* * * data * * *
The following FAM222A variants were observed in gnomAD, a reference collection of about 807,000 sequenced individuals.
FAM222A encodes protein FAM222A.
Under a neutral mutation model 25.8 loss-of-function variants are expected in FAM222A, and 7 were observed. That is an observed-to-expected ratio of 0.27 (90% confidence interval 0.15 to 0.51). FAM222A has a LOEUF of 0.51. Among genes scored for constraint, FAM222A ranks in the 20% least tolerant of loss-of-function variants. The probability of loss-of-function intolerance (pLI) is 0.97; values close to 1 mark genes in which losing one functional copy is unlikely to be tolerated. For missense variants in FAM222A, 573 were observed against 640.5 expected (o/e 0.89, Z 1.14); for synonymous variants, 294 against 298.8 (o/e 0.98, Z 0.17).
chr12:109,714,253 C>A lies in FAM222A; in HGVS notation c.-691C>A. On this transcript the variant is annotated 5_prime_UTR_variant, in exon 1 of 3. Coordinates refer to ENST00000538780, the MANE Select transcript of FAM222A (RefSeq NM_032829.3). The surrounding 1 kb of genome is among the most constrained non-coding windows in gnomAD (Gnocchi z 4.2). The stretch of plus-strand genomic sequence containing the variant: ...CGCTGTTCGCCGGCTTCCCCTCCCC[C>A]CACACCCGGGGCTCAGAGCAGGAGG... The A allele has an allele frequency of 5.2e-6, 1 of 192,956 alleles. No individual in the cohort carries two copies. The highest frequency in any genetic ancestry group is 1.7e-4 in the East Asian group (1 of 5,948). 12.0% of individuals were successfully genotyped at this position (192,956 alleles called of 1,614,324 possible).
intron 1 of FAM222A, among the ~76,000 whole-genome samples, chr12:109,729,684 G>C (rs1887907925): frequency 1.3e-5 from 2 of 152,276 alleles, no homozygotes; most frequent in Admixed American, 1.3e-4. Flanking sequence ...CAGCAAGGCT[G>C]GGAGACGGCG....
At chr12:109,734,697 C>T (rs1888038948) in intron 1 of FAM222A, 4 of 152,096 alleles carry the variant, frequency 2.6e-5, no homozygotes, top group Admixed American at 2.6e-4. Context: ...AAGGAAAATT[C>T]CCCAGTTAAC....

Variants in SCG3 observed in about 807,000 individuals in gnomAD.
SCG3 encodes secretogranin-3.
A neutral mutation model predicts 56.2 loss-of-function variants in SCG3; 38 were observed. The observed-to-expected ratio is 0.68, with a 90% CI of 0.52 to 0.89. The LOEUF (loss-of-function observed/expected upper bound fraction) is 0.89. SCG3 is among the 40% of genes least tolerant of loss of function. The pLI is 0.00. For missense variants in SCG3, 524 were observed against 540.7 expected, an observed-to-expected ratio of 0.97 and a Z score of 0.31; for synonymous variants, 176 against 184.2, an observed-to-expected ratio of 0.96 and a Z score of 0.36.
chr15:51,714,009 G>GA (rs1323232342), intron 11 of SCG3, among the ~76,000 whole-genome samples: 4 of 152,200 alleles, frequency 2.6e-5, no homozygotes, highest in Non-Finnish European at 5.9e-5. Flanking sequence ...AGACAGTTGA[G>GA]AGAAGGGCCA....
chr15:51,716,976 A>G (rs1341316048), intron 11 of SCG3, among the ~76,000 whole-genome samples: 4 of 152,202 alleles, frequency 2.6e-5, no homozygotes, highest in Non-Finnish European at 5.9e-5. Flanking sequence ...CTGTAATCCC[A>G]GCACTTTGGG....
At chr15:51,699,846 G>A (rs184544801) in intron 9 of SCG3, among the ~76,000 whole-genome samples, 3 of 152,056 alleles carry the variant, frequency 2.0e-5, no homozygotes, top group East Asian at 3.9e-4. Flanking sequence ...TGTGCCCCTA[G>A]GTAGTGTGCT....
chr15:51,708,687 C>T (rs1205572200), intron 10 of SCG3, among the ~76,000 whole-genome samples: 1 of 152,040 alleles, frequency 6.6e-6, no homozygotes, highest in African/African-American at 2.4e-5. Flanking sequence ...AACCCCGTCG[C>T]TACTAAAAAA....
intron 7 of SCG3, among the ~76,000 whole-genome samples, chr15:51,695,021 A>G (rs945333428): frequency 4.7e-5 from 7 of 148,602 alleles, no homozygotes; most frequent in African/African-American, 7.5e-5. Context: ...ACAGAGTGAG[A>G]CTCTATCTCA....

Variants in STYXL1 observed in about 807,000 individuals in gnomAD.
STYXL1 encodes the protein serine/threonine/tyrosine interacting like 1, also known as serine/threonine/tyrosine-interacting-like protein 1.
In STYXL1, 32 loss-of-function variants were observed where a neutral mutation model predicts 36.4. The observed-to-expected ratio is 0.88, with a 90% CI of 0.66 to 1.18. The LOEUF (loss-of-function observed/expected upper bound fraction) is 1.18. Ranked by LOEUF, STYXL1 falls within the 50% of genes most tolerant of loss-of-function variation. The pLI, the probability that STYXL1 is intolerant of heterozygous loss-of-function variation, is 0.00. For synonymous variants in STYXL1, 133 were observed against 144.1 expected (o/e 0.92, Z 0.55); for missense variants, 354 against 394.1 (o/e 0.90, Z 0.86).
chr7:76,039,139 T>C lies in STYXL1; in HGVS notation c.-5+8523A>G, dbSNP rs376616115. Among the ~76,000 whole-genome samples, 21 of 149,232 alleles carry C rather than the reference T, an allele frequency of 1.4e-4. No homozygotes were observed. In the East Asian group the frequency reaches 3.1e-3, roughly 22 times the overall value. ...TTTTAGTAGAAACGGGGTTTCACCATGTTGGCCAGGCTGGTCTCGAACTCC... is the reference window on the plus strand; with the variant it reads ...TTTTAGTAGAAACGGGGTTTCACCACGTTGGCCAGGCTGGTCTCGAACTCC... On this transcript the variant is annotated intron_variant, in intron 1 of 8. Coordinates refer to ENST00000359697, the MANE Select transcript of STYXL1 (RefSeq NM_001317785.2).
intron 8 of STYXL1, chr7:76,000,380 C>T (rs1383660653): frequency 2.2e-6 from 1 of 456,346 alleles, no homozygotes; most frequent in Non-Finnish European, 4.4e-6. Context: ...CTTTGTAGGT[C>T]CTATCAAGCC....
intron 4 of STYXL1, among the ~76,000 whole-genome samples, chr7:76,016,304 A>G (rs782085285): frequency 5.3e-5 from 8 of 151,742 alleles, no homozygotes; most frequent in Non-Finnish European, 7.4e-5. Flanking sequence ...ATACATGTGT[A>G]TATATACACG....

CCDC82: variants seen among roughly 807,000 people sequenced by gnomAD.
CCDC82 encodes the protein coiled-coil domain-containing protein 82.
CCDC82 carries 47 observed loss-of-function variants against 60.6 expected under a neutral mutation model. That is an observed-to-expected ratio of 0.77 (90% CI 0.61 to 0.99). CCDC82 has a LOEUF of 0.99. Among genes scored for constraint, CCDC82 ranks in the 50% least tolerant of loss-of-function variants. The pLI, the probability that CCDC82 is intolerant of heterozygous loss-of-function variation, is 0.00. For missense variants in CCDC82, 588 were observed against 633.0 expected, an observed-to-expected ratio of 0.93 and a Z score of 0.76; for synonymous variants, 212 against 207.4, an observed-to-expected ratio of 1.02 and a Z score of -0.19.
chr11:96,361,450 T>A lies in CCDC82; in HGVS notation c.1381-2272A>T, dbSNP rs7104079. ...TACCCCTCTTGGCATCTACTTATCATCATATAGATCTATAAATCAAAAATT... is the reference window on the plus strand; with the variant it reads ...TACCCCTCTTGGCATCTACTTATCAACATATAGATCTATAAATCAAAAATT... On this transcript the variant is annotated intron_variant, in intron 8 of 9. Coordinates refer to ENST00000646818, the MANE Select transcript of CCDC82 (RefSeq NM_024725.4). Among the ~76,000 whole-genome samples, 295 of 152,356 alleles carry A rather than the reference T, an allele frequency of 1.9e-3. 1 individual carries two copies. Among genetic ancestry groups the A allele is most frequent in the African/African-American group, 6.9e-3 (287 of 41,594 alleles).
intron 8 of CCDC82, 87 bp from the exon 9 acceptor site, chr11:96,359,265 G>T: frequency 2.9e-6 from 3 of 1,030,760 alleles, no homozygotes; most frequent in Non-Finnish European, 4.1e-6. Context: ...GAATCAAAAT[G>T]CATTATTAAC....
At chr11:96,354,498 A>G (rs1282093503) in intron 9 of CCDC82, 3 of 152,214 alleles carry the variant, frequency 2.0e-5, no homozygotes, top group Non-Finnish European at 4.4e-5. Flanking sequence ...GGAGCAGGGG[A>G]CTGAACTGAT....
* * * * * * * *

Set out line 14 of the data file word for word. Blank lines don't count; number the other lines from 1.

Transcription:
intron 7 of SCG3, among the ~76,000 whole-genome samples, chr15:51,695,021 A>G (rs945333428): frequency 4.7e-5 from 7 of 148,602 alleles, no homozygotes; most frequent in African/African-American, 7.5e-5. Context: ...ACAGAGTGAG[A>G]CTCTATCTCA....